Collaboration and group work can look very similar at first glance. They both involve students working together, they both may ask for solutions, and they both work best when there is a willingness to contribute. However, assuming these will produce the same results can send the wrong message to our learners and shed a negative light on real collaboration.
So, what is the difference? Here's my humble opinion...
Group Work is when students are put into groups to complete an assignment for the teacher.
Collaboration is when learners come together to create, produce, or solve a problem that may or not have a correct answer.
I believe that both of these can be used effectively in the classroom. There is definitely a time that as educators, we need our learners to work as a group to complete an assignment or accomplish a task. Group work often gets a bad rap because of its ability to individualize the members of the group. In other words, just because the educator gives everyone a role in the group and encourages them to work together, doesn't mean that will be the case. In fact, just the opposite may be true. Make no mistake...our learners have learned the "group work game". This is especially true of you group your learners according to their ability.
Let me give you an example. When we group our learners into groups that include a high ability learner, an average learner, and a struggling learner, we are setting the stage for everyone to play a role. They know this and fall right into their places without missing a beat. The high achiever feels like they are responsible for helping everyone stay on track, the struggling learner may not participate at all because of a lack of confidence, and the average learner might lean either way.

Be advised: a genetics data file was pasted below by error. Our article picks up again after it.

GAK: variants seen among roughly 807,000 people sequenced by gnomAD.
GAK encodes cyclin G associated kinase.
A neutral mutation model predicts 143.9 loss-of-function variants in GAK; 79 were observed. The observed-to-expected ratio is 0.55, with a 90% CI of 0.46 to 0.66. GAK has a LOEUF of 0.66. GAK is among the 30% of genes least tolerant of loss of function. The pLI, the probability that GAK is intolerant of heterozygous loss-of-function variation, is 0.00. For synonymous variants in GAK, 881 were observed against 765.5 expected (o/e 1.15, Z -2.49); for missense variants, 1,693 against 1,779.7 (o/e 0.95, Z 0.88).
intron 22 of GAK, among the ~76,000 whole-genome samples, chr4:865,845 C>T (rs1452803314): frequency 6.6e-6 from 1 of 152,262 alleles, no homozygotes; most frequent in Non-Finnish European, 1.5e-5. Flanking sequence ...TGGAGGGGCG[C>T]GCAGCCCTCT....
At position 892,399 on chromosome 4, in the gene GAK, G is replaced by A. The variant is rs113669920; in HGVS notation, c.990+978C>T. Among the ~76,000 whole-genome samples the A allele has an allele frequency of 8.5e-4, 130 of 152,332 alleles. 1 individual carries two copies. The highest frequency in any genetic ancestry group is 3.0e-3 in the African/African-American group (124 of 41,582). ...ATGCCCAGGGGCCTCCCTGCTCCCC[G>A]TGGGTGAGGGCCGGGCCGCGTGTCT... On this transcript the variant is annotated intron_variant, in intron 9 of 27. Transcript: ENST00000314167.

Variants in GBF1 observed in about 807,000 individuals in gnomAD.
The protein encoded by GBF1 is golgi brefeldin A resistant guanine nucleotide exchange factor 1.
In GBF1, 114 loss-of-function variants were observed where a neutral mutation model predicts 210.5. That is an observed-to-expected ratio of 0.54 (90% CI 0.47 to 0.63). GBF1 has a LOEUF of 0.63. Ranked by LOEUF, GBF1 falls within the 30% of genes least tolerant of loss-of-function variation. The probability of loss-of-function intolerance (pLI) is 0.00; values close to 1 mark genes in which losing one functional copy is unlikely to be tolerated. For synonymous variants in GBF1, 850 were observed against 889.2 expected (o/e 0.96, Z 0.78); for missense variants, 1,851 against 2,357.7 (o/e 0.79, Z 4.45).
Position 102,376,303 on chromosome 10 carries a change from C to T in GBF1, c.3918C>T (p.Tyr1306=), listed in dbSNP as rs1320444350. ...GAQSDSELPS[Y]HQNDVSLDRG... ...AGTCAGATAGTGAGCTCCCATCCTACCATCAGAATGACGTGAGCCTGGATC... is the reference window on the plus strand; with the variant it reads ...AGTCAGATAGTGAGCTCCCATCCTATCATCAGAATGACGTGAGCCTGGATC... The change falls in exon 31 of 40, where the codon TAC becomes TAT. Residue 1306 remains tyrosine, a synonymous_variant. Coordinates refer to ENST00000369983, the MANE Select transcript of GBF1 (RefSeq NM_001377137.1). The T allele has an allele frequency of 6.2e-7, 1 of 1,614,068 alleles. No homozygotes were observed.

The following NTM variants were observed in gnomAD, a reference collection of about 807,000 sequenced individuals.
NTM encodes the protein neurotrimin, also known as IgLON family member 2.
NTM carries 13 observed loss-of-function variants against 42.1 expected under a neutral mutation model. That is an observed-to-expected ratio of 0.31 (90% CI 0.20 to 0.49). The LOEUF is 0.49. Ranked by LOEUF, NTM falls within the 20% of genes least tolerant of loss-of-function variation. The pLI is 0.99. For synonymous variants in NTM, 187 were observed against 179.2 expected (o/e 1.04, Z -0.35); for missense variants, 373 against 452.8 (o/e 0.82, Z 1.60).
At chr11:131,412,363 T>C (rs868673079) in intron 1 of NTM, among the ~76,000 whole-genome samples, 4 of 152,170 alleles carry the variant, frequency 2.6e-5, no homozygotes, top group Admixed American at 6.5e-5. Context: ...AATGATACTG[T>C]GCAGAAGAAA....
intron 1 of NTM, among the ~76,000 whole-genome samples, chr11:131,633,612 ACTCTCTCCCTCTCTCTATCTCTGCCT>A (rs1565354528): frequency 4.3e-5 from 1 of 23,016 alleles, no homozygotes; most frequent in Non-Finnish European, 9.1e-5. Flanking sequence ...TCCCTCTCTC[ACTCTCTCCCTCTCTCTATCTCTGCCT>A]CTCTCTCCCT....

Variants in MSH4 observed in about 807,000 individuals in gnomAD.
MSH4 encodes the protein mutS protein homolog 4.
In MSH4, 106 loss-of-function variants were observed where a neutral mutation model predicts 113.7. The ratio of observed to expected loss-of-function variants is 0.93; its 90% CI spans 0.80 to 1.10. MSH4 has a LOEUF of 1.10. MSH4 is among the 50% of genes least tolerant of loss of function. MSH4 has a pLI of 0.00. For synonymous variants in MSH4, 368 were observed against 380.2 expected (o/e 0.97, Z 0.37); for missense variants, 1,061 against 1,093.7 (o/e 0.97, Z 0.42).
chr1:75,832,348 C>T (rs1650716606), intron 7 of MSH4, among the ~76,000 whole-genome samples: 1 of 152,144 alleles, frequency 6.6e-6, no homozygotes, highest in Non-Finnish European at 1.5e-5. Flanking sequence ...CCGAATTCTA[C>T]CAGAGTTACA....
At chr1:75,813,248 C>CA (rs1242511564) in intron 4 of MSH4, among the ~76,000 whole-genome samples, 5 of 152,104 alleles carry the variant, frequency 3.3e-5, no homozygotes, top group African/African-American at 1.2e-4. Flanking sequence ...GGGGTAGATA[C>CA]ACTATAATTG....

If group work is going to happen in the classroom and be effective, we have to be more intentional in how we set things up.
1. Assign groups randomly often using tools like Flippity, Team Shake, and Wheel of Names.
2. Allow and encourage students to use their strengths to play a role in the group and recognize their weaknesses to know when to lean on others.
3. Allow students to reflect on the group work through peer evaluations and group feedback before assigning a grade.
Learn more about effective group work here.
Encouraging collaboration as often as possible is a good idea. This involves giving students a problem to solve, an opportunity to create, or a challenge to produce. A solution does not always equal a correct answer. Often times, when challenged, students will come up with different ways to solve a problem and will create or produce different products. This is powerful in that it gives students an opportunity to invest and play an authentic role in the collaboration.
Below are some practical ideas for collaboration in the classroom...
1. Use tools like My Creative Type for learners to become self-aware and understand how they might collaborate best.
2. Encourage reflection throughout the process.
3. Focus on solutions rather than correct answers.
Learn more about collaboration here.
How do you use group work in your classroom? How do you provide opportunities for collaboration? As I said earlier in the post, I believe that there is a place for both, but I also think it's important to know the difference as educators and help our students understand the difference as well.
© 2018 Andi McNair